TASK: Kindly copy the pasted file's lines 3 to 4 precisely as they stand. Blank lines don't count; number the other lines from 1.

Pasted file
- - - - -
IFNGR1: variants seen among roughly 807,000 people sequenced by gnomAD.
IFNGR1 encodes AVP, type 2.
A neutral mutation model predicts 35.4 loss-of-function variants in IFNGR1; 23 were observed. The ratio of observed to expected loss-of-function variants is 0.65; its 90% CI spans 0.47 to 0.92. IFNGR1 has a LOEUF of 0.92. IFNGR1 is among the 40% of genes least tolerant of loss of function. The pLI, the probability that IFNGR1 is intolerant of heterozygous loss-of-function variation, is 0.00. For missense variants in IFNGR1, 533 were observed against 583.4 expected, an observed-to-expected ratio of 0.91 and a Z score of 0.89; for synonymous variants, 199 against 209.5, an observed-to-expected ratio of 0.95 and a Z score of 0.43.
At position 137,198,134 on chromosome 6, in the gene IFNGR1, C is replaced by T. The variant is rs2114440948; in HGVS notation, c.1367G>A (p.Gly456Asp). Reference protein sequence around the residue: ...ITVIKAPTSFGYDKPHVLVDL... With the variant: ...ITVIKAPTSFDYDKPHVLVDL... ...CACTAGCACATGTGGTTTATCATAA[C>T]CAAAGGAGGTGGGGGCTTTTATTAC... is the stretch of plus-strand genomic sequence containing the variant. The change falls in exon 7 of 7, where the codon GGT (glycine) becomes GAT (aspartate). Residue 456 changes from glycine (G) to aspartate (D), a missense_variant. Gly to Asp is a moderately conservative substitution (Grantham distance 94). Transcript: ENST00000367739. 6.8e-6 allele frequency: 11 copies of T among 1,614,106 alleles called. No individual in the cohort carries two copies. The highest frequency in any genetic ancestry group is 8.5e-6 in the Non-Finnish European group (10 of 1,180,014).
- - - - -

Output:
A neutral mutation model predicts 35.4 loss-of-function variants in IFNGR1; 23 were observed. The ratio of observed to expected loss-of-function variants is 0.65; its 90% CI spans 0.47 to 0.92. IFNGR1 has a LOEUF of 0.92. IFNGR1 is among the 40% of genes least tolerant of loss of function. The pLI, the probability that IFNGR1 is intolerant of heterozygous loss-of-function variation, is 0.00. For missense variants in IFNGR1, 533 were observed against 583.4 expected, an observed-to-expected ratio of 0.91 and a Z score of 0.89; for synonymous variants, 199 against 209.5, an observed-to-expected ratio of 0.95 and a Z score of 0.43.
At position 137,198,134 on chromosome 6, in the gene IFNGR1, C is replaced by T. The variant is rs2114440948; in HGVS notation, c.1367G>A (p.Gly456Asp). Reference protein sequence around the residue: ...ITVIKAPTSFGYDKPHVLVDL... With the variant: ...ITVIKAPTSFDYDKPHVLVDL... ...CACTAGCACATGTGGTTTATCATAA[C>T]CAAAGGAGGTGGGGGCTTTTATTAC... is the stretch of plus-strand genomic sequence containing the variant. The change falls in exon 7 of 7, where the codon GGT (glycine) becomes GAT (aspartate). Residue 456 changes from glycine (G) to aspartate (D), a missense_variant. Gly to Asp is a moderately conservative substitution (Grantham distance 94). Transcript: ENST00000367739. 6.8e-6 allele frequency: 11 copies of T among 1,614,106 alleles called. No individual in the cohort carries two copies. The highest frequency in any genetic ancestry group is 8.5e-6 in the Non-Finnish European group (10 of 1,180,014).